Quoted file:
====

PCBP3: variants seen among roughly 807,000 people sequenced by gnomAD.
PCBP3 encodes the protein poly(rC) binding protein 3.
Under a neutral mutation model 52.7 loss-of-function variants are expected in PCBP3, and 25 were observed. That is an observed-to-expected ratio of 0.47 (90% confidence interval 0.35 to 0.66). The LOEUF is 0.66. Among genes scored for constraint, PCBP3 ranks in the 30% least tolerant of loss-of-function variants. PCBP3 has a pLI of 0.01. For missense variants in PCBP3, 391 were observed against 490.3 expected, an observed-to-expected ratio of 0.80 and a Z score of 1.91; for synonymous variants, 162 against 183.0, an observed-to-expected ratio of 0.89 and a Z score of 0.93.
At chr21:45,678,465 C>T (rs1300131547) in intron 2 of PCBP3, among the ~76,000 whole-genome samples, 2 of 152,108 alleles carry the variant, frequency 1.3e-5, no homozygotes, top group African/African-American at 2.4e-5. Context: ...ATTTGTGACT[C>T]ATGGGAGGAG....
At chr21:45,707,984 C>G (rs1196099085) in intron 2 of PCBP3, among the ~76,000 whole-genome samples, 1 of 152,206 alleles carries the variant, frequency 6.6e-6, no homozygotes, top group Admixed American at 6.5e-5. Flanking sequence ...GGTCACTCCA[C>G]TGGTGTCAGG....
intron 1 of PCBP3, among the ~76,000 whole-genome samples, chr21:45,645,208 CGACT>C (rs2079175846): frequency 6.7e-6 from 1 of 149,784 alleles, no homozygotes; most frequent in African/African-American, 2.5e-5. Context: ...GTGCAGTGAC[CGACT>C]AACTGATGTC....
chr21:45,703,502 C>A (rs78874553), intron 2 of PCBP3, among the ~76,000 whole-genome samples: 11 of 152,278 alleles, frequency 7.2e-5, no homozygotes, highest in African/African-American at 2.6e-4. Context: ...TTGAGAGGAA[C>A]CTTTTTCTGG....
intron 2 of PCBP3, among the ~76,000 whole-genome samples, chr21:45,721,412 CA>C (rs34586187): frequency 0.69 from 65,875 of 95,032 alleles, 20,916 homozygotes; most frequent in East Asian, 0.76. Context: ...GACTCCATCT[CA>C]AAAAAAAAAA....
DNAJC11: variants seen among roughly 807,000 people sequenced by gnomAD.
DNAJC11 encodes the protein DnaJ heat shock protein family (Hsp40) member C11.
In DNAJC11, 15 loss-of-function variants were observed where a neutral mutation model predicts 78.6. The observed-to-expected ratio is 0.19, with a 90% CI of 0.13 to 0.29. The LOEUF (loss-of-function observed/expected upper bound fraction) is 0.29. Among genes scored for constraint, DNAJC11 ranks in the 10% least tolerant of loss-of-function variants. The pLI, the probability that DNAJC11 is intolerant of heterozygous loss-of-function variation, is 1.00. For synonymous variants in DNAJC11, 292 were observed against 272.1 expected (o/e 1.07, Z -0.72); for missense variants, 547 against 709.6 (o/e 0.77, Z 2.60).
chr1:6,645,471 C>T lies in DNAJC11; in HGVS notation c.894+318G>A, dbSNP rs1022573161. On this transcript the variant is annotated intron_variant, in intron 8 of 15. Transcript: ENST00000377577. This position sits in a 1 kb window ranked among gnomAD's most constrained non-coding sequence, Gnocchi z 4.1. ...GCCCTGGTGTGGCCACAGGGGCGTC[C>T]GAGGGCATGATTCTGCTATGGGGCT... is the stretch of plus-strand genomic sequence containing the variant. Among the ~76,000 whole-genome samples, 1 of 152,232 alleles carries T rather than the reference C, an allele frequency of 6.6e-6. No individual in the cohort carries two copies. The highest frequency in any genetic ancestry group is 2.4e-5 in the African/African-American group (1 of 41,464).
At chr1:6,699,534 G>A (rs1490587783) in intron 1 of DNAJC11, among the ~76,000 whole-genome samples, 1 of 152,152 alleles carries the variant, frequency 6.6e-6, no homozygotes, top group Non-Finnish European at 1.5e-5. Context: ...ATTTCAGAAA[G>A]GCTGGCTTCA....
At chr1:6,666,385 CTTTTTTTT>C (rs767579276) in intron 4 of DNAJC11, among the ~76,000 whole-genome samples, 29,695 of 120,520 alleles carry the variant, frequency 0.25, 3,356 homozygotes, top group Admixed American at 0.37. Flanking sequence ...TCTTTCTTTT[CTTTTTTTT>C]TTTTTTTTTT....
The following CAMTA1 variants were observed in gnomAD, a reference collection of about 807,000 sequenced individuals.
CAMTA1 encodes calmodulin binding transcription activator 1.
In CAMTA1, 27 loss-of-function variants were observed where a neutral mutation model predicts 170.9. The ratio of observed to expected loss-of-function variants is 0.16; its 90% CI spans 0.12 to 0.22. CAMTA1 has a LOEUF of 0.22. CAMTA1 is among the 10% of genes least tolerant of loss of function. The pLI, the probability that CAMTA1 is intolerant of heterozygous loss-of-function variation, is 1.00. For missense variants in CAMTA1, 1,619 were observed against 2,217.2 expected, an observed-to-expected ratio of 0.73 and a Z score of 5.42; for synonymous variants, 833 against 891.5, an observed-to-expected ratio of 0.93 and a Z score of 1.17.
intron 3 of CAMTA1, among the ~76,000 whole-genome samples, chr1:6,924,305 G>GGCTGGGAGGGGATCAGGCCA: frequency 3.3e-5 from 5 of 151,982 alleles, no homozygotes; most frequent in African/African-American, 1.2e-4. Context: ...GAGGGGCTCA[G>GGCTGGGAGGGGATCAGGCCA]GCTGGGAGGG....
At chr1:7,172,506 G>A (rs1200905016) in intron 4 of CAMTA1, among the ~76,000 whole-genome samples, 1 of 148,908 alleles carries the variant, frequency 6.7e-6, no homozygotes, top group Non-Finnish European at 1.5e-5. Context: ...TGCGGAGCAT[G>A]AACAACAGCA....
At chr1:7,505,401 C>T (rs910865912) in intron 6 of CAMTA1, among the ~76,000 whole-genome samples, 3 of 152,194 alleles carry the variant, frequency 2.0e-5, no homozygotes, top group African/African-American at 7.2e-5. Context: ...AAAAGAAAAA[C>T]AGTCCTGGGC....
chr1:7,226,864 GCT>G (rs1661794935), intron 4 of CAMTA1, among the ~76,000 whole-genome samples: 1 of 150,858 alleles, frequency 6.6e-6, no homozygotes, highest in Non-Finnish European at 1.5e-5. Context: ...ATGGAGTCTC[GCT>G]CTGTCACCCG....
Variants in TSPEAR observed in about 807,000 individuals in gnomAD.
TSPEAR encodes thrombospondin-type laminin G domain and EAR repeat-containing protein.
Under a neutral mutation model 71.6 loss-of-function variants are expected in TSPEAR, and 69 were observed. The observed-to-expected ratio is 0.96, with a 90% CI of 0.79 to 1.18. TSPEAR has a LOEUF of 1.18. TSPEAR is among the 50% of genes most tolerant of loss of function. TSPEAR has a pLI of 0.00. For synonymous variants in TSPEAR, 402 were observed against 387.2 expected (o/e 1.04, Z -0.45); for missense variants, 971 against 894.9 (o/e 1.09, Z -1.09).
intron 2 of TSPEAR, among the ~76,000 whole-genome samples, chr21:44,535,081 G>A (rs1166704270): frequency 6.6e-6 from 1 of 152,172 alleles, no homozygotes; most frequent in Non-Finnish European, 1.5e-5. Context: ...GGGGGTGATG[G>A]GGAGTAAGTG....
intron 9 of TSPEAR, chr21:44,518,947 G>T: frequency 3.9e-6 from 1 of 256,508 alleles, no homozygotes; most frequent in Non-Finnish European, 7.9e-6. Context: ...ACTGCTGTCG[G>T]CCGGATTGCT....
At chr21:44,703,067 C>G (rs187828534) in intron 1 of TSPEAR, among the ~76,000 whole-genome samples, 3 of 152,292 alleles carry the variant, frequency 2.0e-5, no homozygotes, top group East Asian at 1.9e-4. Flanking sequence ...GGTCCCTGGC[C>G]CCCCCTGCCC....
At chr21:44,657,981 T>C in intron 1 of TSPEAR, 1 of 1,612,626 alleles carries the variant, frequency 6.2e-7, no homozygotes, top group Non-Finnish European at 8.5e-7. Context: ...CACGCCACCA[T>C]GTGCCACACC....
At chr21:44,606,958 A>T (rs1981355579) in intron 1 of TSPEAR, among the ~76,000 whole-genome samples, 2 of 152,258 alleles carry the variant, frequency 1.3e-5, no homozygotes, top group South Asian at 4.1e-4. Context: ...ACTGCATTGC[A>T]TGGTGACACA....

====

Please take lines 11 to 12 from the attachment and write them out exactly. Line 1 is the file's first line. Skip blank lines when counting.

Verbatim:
In DNAJC11, 15 loss-of-function variants were observed where a neutral mutation model predicts 78.6. The observed-to-expected ratio is 0.19, with a 90% CI of 0.13 to 0.29. The LOEUF (loss-of-function observed/expected upper bound fraction) is 0.29. Among genes scored for constraint, DNAJC11 ranks in the 10% least tolerant of loss-of-function variants. The pLI, the probability that DNAJC11 is intolerant of heterozygous loss-of-function variation, is 1.00. For synonymous variants in DNAJC11, 292 were observed against 272.1 expected (o/e 1.07, Z -0.72); for missense variants, 547 against 709.6 (o/e 0.77, Z 2.60).
chr1:6,645,471 C>T lies in DNAJC11; in HGVS notation c.894+318G>A, dbSNP rs1022573161. On this transcript the variant is annotated intron_variant, in intron 8 of 15. Transcript: ENST00000377577. This position sits in a 1 kb window ranked among gnomAD's most constrained non-coding sequence, Gnocchi z 4.1. ...GCCCTGGTGTGGCCACAGGGGCGTC[C>T]GAGGGCATGATTCTGCTATGGGGCT... is the stretch of plus-strand genomic sequence containing the variant. Among the ~76,000 whole-genome samples, 1 of 152,232 alleles carries T rather than the reference C, an allele frequency of 6.6e-6. No individual in the cohort carries two copies. The highest frequency in any genetic ancestry group is 2.4e-5 in the African/African-American group (1 of 41,464).